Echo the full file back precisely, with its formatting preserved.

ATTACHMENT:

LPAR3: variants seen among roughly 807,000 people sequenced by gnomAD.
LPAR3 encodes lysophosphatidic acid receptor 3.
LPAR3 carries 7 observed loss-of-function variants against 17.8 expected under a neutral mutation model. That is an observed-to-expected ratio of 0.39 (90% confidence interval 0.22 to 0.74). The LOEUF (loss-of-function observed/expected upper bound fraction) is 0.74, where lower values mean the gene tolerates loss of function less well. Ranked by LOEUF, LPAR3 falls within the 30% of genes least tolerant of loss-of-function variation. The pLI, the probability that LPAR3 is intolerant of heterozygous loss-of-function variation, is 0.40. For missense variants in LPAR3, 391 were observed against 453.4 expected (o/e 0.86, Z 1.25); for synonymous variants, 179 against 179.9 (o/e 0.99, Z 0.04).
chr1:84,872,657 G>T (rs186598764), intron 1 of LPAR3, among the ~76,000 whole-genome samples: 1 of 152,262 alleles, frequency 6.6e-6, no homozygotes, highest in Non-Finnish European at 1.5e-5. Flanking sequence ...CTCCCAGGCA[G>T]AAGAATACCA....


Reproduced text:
LPAR3: variants seen among roughly 807,000 people sequenced by gnomAD.
LPAR3 encodes lysophosphatidic acid receptor 3.
LPAR3 carries 7 observed loss-of-function variants against 17.8 expected under a neutral mutation model. That is an observed-to-expected ratio of 0.39 (90% confidence interval 0.22 to 0.74). The LOEUF (loss-of-function observed/expected upper bound fraction) is 0.74, where lower values mean the gene tolerates loss of function less well. Ranked by LOEUF, LPAR3 falls within the 30% of genes least tolerant of loss-of-function variation. The pLI, the probability that LPAR3 is intolerant of heterozygous loss-of-function variation, is 0.40. For missense variants in LPAR3, 391 were observed against 453.4 expected (o/e 0.86, Z 1.25); for synonymous variants, 179 against 179.9 (o/e 0.99, Z 0.04).
chr1:84,872,657 G>T (rs186598764), intron 1 of LPAR3, among the ~76,000 whole-genome samples: 1 of 152,262 alleles, frequency 6.6e-6, no homozygotes, highest in Non-Finnish European at 1.5e-5. Flanking sequence ...CTCCCAGGCA[G>T]AAGAATACCA....